LOS ANGELES, Sept. 18, 2015 (GLOBE NEWSWIRE) -- Southern California Institute of Architecture (SCI-Arc) today announced the appointment of noted Los Angeles developer Tom Gilmore as Chairman of the school's Board of Trustees.
"I am deeply honored to be named Chairman of SCI-Arc and am committed to growing our legacy of excellence and achievement in architecture and design," said Gilmore, whose appointment coincides with a series of leadership changes at the school.
"I cannot think of a more suitable candidate to serve as Chairman of the SCI-Arc board than Tom Gilmore," said Director Hernan Diaz Alonso. "He has been one of SCI-Arc's pillars for many years, and we are grateful for his renewed commitment to guide the school in exploring new areas of fundraising and institutional growth."
A member of the SCI-Arc Board since 2001, Gilmore succeeds Jerry Neuman, Real Estate, Land Use and Government Relations partner in Liner LLP, who served as chairman since 2010.
"The inauguration of a new Chairman and new Director provides an extraordinary opportunity for SCI-Arc," added Gilmore. "Our predecessors have assembled an outstanding board and faculty who share a vision for innovation, creativity, and real-world experience in our undergraduate and graduate programs. I look forward to enthusiastically supporting Hernan Diaz Alonso along with faculty, students and alumni in our goal to build on this tradition where SCI-Arc is recognized globally as the standard by which other creative institutions are measured."
A native New Yorker and architect by training, Tom Gilmore is a downtown Los Angeles-based developer of residential and commercial properties whose early projects in the city's historic core led to the largest resurgence of real estate investment and development the city has experienced in nearly a century. Following his move to Los Angeles in the early 90s, Gilmore partnered with Jerri Perrone to form an independent development firm, Gilmore Associates, with the goal to embark upon the redevelopment of the city's historic core. His vision for Downtown Los Angeles as a thriving, self-sustaining urban community led him to purchase four abandoned historic buildings: the Continental, the Hellman, the San Fernando, and the Farmers and Merchants National Bank—collectively renamed by Gilmore and Perrone as the "Old Bank District." Gilmore was the first developer to utilize the newly minted Adaptive Reuse Ordinance of 1999, which enabled him to convert historic commercial buildings into mixed-use residences, ultimately catalyzing the widespread redevelopment and revival of Downtown.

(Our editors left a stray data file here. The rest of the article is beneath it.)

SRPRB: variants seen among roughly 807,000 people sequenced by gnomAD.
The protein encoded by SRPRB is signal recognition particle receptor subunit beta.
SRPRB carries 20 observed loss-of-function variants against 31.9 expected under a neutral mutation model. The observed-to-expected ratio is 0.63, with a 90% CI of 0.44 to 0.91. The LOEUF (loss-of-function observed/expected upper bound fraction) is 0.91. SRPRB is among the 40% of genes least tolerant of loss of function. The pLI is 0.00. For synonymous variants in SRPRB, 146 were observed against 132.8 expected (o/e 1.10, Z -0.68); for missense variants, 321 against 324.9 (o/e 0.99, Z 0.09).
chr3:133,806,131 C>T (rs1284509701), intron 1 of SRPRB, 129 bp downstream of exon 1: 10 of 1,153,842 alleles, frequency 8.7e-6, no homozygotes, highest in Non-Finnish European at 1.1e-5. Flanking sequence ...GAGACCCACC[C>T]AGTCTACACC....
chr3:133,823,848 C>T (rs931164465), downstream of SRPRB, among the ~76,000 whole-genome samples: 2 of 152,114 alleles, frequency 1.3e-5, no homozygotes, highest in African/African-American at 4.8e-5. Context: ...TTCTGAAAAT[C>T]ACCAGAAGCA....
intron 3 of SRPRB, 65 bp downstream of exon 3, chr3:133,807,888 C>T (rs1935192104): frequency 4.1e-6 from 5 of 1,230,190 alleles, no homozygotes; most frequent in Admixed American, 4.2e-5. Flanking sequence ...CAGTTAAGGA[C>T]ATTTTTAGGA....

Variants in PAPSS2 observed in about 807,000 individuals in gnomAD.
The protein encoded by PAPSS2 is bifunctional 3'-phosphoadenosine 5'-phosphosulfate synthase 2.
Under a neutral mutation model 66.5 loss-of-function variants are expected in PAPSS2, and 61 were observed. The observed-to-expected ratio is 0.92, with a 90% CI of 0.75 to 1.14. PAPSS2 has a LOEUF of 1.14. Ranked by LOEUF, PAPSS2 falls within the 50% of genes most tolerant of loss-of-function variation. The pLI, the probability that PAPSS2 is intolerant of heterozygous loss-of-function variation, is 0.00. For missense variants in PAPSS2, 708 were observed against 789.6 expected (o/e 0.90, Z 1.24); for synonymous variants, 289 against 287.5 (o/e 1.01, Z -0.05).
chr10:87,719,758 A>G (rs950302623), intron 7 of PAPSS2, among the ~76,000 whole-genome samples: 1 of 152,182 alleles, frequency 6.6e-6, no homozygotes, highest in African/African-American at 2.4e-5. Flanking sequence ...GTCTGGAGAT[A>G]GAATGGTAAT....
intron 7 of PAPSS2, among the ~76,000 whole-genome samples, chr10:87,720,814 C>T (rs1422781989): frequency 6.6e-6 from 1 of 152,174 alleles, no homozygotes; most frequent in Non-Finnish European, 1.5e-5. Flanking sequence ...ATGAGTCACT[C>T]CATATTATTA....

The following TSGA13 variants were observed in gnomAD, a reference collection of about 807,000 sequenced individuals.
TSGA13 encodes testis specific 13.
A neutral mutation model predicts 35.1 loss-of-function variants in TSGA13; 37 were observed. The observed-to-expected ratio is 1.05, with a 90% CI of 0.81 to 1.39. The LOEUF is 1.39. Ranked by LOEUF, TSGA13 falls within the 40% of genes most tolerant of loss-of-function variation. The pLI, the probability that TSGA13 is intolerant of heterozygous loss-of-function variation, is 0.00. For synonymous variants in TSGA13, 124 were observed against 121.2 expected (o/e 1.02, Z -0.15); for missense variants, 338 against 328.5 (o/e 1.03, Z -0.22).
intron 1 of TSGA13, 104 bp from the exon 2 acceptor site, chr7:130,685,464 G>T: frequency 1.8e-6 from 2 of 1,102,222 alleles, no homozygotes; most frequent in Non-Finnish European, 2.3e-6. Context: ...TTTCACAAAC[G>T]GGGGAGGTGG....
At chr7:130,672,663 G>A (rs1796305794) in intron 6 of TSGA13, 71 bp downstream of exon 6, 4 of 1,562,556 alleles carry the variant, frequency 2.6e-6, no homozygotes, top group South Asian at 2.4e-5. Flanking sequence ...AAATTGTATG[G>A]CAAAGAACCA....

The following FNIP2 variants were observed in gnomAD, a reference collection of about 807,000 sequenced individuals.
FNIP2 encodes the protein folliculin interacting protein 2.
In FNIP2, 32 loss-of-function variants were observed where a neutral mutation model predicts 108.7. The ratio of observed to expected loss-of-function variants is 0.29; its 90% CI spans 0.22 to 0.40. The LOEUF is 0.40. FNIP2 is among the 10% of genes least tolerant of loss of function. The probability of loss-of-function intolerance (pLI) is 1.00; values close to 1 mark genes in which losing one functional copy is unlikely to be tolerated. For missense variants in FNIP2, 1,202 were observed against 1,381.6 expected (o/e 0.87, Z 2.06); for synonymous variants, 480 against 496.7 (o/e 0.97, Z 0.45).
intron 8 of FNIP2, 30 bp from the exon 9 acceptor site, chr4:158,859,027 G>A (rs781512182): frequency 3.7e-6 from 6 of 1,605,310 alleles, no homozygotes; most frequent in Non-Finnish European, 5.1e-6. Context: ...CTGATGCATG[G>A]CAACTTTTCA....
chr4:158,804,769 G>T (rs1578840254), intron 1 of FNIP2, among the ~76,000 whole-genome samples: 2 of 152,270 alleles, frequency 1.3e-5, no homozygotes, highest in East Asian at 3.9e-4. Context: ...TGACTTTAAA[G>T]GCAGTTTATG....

Gilmore's ingenuity and tenacity has been recognized through major projects he has spearheaded, most notably Vibiana, a development of the former St. Vibiana's Cathedral as a performing arts center, event facility, and restaurants. Current projects include the transformation of historic spaces within the Hellman Building and the former Farmers and Merchants National Bank into a contemporary museum showcasing Los Angeles, dubbed the Main Museum. Since Gilmore's first historic building opened to residents in 2000, more than 60,000 new residents now call downtown Los Angeles their home and more than $5 billion in residential, business, entertainment and arts projects have been introduced to the city center. Gilmore's commitment to the civic identity of Los Angeles is also evident in his former roles as Commissioner Chair for the LA Homeless Services Authority and Executive Committee Member of the Central City Association. He continues to be involved in civic affairs as Chairman of Sister Cities Los Angeles and as board member of the Los Angeles Tourism and Convention Bureau.
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CONTACT: Southern California Institute of Architecture (SCI-Arc) 960 E. 3rd Street Los Angeles, CA 90013Source:Southern California Institute of Architecture